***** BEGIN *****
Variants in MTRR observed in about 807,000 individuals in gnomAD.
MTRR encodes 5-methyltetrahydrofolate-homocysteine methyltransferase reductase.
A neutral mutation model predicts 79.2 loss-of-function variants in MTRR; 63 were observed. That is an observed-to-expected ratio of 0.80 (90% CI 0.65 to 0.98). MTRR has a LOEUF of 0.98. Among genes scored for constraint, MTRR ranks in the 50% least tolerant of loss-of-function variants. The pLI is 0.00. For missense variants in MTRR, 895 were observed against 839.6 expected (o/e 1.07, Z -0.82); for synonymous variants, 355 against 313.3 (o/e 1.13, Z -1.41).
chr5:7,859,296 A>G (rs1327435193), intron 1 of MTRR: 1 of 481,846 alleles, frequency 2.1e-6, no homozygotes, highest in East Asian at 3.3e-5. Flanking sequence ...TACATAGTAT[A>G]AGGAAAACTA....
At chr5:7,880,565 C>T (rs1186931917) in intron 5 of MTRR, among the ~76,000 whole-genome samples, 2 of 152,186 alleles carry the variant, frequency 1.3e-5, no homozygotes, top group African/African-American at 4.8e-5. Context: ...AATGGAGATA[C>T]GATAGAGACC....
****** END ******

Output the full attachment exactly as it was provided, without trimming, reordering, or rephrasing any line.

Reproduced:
Variants in MTRR observed in about 807,000 individuals in gnomAD.
MTRR encodes 5-methyltetrahydrofolate-homocysteine methyltransferase reductase.
A neutral mutation model predicts 79.2 loss-of-function variants in MTRR; 63 were observed. That is an observed-to-expected ratio of 0.80 (90% CI 0.65 to 0.98). MTRR has a LOEUF of 0.98. Among genes scored for constraint, MTRR ranks in the 50% least tolerant of loss-of-function variants. The pLI is 0.00. For missense variants in MTRR, 895 were observed against 839.6 expected (o/e 1.07, Z -0.82); for synonymous variants, 355 against 313.3 (o/e 1.13, Z -1.41).
chr5:7,859,296 A>G (rs1327435193), intron 1 of MTRR: 1 of 481,846 alleles, frequency 2.1e-6, no homozygotes, highest in East Asian at 3.3e-5. Flanking sequence ...TACATAGTAT[A>G]AGGAAAACTA....
At chr5:7,880,565 C>T (rs1186931917) in intron 5 of MTRR, among the ~76,000 whole-genome samples, 2 of 152,186 alleles carry the variant, frequency 1.3e-5, no homozygotes, top group African/African-American at 4.8e-5. Context: ...AATGGAGATA[C>T]GATAGAGACC....